Andy Parkinson considers the paintings of Betty Parsons.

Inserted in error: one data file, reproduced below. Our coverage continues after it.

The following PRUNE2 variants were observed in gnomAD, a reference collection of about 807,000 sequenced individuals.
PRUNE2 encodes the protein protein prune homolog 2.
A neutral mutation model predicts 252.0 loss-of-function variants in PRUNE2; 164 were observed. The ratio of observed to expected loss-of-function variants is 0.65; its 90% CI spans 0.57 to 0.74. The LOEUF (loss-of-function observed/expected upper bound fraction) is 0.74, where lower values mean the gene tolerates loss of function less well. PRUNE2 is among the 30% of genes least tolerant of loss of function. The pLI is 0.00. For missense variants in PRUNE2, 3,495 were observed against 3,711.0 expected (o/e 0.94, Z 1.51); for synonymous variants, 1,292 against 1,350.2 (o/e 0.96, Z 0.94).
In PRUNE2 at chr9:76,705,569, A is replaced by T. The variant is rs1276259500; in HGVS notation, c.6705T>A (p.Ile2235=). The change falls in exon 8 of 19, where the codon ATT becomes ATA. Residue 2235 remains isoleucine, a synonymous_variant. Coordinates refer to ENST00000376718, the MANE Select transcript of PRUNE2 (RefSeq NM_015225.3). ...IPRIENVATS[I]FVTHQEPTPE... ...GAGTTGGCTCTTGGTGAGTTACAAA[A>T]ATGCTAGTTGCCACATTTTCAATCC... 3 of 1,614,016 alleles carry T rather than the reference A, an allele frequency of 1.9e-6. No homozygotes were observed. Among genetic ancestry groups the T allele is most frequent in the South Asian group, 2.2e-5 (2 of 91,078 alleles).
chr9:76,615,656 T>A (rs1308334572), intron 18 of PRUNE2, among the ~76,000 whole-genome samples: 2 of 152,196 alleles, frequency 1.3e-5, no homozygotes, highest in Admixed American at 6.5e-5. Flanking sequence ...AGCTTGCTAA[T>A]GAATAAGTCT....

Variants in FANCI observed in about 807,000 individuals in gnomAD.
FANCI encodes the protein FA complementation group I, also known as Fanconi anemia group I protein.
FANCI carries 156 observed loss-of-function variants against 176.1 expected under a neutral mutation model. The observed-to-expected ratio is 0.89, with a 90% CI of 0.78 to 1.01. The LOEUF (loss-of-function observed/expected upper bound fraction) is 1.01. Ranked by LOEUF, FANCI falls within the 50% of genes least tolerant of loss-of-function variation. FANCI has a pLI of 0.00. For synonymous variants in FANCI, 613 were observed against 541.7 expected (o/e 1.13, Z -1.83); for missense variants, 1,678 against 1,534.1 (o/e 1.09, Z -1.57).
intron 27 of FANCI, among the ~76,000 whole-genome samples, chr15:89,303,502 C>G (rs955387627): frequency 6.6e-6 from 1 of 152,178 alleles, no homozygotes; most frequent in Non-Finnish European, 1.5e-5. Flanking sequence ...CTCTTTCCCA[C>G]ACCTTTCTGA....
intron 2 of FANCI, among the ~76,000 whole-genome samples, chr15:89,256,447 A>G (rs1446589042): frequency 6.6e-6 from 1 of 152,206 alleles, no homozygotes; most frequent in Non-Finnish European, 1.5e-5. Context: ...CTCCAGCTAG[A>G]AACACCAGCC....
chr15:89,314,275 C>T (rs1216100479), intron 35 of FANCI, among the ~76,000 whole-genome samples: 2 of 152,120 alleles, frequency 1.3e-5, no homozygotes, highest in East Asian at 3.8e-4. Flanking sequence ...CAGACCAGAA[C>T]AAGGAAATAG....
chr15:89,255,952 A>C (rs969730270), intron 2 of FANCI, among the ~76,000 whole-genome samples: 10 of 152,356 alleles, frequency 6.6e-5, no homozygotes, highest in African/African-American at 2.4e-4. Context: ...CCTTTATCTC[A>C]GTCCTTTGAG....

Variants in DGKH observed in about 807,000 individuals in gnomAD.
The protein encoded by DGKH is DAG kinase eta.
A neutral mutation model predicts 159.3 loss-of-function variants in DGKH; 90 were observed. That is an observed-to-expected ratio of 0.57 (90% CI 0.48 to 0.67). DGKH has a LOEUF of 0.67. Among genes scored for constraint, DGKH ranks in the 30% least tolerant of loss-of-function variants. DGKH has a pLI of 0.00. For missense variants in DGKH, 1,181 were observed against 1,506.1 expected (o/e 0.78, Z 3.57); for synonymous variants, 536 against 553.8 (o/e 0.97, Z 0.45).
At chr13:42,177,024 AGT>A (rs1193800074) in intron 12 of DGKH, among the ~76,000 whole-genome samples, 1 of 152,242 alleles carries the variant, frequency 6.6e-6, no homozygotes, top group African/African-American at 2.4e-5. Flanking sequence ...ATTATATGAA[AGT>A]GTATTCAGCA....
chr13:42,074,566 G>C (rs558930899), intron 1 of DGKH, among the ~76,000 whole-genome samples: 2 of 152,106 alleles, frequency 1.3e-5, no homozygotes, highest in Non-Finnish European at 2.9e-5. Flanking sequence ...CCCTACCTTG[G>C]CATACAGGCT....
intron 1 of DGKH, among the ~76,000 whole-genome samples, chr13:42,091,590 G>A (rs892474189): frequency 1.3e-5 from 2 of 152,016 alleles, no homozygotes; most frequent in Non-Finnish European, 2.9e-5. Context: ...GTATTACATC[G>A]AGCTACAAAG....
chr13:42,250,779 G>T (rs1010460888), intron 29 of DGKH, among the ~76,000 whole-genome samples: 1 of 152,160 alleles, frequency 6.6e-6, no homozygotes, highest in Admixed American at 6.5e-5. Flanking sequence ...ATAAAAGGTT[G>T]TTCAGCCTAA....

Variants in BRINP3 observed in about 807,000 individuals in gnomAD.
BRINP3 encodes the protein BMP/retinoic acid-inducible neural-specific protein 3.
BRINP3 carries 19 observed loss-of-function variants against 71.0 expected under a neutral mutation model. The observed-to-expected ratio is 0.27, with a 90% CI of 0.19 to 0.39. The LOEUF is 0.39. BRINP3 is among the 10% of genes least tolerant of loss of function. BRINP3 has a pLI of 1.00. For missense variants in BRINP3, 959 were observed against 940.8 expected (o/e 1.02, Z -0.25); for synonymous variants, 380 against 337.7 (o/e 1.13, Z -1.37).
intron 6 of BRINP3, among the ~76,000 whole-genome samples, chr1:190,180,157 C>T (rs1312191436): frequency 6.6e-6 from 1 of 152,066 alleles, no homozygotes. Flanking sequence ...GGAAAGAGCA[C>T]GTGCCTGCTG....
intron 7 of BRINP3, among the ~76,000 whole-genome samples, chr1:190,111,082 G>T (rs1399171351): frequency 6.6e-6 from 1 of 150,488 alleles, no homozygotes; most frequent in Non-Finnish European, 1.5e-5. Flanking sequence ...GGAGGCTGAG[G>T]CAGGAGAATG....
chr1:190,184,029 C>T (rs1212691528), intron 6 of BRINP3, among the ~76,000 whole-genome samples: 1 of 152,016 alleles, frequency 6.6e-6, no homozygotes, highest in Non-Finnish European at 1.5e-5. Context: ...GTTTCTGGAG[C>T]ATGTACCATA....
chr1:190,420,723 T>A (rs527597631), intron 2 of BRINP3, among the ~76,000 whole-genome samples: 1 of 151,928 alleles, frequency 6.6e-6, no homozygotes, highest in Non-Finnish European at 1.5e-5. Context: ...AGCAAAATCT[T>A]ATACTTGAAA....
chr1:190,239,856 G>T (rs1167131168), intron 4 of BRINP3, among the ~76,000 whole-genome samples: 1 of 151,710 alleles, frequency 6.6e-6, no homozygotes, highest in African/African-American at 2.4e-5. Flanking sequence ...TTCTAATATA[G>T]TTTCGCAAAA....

Parkinson writes: “In her paintings Parsons borrows more from her AbEx contemporaries, but without the all-important scale, Clyfford Still in miniature, almost. Parsons also looks back to earlier European modernist works, those of Paul Klee for example, not only in the modest sized of her canvases but also in their whimsical lack of certainty. In Forms 1, irregular, roughly geometric forms in four loose columns situate themselves on a grey ground, which looks as though it may be comprised of many layers of other colours in order to arrive at the richness of the final colour… Here, Parsons does not take some real world starting point and abstract from it in the process of representation, rather she invents by pushing the paint about on the canvas until forms suggest themselves. And the suggestions remain just that, never quite becoming precise things, always ambiguous, hovering between definition and doubt.”